MTA CSFK GGI Kovesligethy Rado Seismological Observatory

Budapest, Hungary

MTA CSFK GGI Kovesligethy Rado Seismological Observatory

Budapest, Hungary
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Szanyi G.,MTA CSFK GGI Kovesligethy Rado Seismological Observatory | Graczer Z.,MTA CSFK GGI Kovesligethy Rado Seismological Observatory | Gyori E.,MTA CSFK GGI Kovesligethy Rado Seismological Observatory | Kalab Z.,Academy of Sciences of the Czech Republic | Lednicka M.,Academy of Sciences of the Czech Republic
Pure and Applied Geophysics | Year: 2016

Loess high banks along the right side of the Danube in Hungary are potential subjects of landslides. Small scale ambient seismic noise tomography was used at the Dunaszekcső high bank. The aim of the study was to map near surface velocity anomalies since we assume that the formation of tension cracks—which precede landslides—are represented by low velocities. Mapping Rayleigh wave group velocity distribution can help to image intact and creviced areas and identify the most vulnerable sections. The study area lies at the top of the Castle Hill of Dunaszekcső, which was named after Castellum Lugio, a fortress of Roman origin. The presently active head scarp was formed in April 2011, and our study area was chosen to be at its surroundings. Cross-correlation functions of ambient noise recordings were used to retrieve the dispersion curves, which served as the input of the group velocity tomography. Phase cross-correlation and time-frequency phase weighted stacking was applied to calculate the cross-correlation functions. The average Rayleigh wave group velocity at the loess high bank was found to be 171 ms- 1. The group velocity map at a 0.1 s period revealed a low-velocity region, whose location coincides with a highly creviced area, where slope failure takes place along a several meter wide territory. Another low velocity region was found, which might indicate a previously unknown loosened domain. The highest velocities were observed at the supposed remnants of Castellum Lugio. © 2016, Springer International Publishing.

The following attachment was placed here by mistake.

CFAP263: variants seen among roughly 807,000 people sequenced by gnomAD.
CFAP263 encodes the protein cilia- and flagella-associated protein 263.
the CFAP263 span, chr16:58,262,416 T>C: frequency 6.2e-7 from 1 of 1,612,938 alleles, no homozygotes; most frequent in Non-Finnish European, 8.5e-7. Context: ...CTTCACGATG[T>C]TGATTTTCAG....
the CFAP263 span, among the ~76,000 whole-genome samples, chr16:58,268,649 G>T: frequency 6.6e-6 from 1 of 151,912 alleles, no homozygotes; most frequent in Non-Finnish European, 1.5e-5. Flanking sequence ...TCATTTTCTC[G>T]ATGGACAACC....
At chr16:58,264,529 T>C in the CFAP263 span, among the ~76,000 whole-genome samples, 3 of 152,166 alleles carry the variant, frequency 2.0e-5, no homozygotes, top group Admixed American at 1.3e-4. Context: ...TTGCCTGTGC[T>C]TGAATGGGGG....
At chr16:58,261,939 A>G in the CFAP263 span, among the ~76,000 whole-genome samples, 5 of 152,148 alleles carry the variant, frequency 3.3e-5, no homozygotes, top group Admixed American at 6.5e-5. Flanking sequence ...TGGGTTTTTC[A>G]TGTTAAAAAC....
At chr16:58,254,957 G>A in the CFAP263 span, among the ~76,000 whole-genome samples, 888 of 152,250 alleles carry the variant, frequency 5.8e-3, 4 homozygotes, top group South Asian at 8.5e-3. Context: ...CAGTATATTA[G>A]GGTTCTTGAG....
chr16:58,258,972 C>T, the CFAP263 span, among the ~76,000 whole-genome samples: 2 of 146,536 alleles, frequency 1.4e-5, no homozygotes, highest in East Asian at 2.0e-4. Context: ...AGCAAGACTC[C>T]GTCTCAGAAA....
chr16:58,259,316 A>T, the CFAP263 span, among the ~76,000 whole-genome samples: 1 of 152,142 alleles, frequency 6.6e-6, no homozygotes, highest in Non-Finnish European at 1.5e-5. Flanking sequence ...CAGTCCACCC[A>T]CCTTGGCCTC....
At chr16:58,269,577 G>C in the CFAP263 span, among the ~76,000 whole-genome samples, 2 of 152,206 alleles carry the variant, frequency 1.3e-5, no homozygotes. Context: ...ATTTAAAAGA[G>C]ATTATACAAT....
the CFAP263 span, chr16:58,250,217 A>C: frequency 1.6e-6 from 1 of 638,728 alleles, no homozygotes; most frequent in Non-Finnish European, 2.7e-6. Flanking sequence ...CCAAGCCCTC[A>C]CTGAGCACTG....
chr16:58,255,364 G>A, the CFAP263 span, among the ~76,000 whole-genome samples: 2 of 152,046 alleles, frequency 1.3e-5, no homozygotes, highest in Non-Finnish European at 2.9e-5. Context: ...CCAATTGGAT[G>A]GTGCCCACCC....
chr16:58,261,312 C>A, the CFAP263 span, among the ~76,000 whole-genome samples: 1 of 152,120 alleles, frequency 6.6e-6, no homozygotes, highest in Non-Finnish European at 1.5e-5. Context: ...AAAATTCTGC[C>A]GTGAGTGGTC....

Kiszely M.,MTA CSFK GGI Kovesligethy Rado Seismological Observatory | Gyori E.,MTA CSFK GGI Kovesligethy Rado Seismological Observatory
Acta Geodaetica et Geophysica | Year: 2015

The Vértes Hills are one of the most active seismic regions in Hungary. An (Formula Presented.) magnitude earthquake shocked this area near to Oroszlány on January 29, 2011. The mainshock was followed by about four hundred aftershocks, and their magnitude varied from (Formula Presented.) to (Formula Presented.). Despite of the large number of aftershocks, the seismotectonic interpretation is very difficult because these earthquakes occurred in the vicinity of quarries. The waveform similarity analysis was proven a successful method to separate earthquakes and explosions, and revealed plus information about the aftershock sequence. © 2014, Akadémiai Kiadó.


Gyori E.,MTA CSFK GGI Kovesligethy Rado Seismological Observatory | Toth L.,MTA CSFK GGI Kovesligethy Rado Seismological Observatory | Monus P.,MTA CSFK GGI Kovesligethy Rado Seismological Observatory
Acta Geodaetica et Geophysica | Year: 2015

Soil liquefaction have been observed and documented at least eight times during moderate to larger magnitude historical and recent earthquakes in Hungary. Surface manifestations of liquefaction were reported from Komárom (1763, 1783, 1822), Mór (1810), Érmellék (1829, 1834), Kecskemét (1911) and Dunaharaszti (1956) earthquakes. In the study, we give a brief description of these earthquakes and make available reports that demonstrate the occurrence of soil liquefaction. Where available, we describe local subsoil conditions and information regarding ground water level. Distribution of horizontal ground accelerations possibly caused by these historical earthquakes has been modelled by ShakeMap program. Simulations indicate horizontal PGA of 0.2–0.3 g in areas where liquefaction occurred. © 2014, Akadémiai Kiadó.

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